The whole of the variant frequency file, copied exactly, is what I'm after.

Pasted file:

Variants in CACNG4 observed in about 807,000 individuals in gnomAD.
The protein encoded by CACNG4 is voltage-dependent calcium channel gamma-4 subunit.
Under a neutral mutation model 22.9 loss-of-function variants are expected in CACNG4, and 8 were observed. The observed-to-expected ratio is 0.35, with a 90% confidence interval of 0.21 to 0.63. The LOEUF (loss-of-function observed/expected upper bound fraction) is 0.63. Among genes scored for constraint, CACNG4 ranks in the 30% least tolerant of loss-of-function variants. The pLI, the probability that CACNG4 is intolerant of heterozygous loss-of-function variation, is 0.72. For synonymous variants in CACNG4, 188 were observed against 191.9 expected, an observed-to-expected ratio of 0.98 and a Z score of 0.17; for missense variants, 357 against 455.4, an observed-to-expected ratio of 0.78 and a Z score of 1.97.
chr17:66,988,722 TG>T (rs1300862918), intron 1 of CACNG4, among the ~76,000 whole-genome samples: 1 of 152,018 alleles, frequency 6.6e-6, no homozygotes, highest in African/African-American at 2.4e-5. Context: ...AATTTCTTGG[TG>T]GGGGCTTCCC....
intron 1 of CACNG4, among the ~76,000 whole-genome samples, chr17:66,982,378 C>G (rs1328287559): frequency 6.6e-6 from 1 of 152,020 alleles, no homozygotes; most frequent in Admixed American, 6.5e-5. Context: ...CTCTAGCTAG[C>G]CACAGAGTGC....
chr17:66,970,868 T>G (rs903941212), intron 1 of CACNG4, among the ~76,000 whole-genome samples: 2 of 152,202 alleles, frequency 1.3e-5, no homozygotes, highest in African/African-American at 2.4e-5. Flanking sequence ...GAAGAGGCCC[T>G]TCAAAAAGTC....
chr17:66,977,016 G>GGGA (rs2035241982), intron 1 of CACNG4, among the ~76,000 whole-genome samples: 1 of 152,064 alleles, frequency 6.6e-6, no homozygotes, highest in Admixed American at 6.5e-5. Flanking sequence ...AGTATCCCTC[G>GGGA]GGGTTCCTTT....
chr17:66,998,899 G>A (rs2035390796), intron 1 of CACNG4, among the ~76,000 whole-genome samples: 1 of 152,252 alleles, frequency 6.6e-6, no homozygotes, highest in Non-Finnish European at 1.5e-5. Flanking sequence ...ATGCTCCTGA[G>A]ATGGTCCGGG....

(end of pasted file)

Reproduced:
Variants in CACNG4 observed in about 807,000 individuals in gnomAD.
The protein encoded by CACNG4 is voltage-dependent calcium channel gamma-4 subunit.
Under a neutral mutation model 22.9 loss-of-function variants are expected in CACNG4, and 8 were observed. The observed-to-expected ratio is 0.35, with a 90% confidence interval of 0.21 to 0.63. The LOEUF (loss-of-function observed/expected upper bound fraction) is 0.63. Among genes scored for constraint, CACNG4 ranks in the 30% least tolerant of loss-of-function variants. The pLI, the probability that CACNG4 is intolerant of heterozygous loss-of-function variation, is 0.72. For synonymous variants in CACNG4, 188 were observed against 191.9 expected, an observed-to-expected ratio of 0.98 and a Z score of 0.17; for missense variants, 357 against 455.4, an observed-to-expected ratio of 0.78 and a Z score of 1.97.
chr17:66,988,722 TG>T (rs1300862918), intron 1 of CACNG4, among the ~76,000 whole-genome samples: 1 of 152,018 alleles, frequency 6.6e-6, no homozygotes, highest in African/African-American at 2.4e-5. Context: ...AATTTCTTGG[TG>T]GGGGCTTCCC....
intron 1 of CACNG4, among the ~76,000 whole-genome samples, chr17:66,982,378 C>G (rs1328287559): frequency 6.6e-6 from 1 of 152,020 alleles, no homozygotes; most frequent in Admixed American, 6.5e-5. Context: ...CTCTAGCTAG[C>G]CACAGAGTGC....
chr17:66,970,868 T>G (rs903941212), intron 1 of CACNG4, among the ~76,000 whole-genome samples: 2 of 152,202 alleles, frequency 1.3e-5, no homozygotes, highest in African/African-American at 2.4e-5. Flanking sequence ...GAAGAGGCCC[T>G]TCAAAAAGTC....
chr17:66,977,016 G>GGGA (rs2035241982), intron 1 of CACNG4, among the ~76,000 whole-genome samples: 1 of 152,064 alleles, frequency 6.6e-6, no homozygotes, highest in Admixed American at 6.5e-5. Flanking sequence ...AGTATCCCTC[G>GGGA]GGGTTCCTTT....
chr17:66,998,899 G>A (rs2035390796), intron 1 of CACNG4, among the ~76,000 whole-genome samples: 1 of 152,252 alleles, frequency 6.6e-6, no homozygotes, highest in Non-Finnish European at 1.5e-5. Flanking sequence ...ATGCTCCTGA[G>A]ATGGTCCGGG....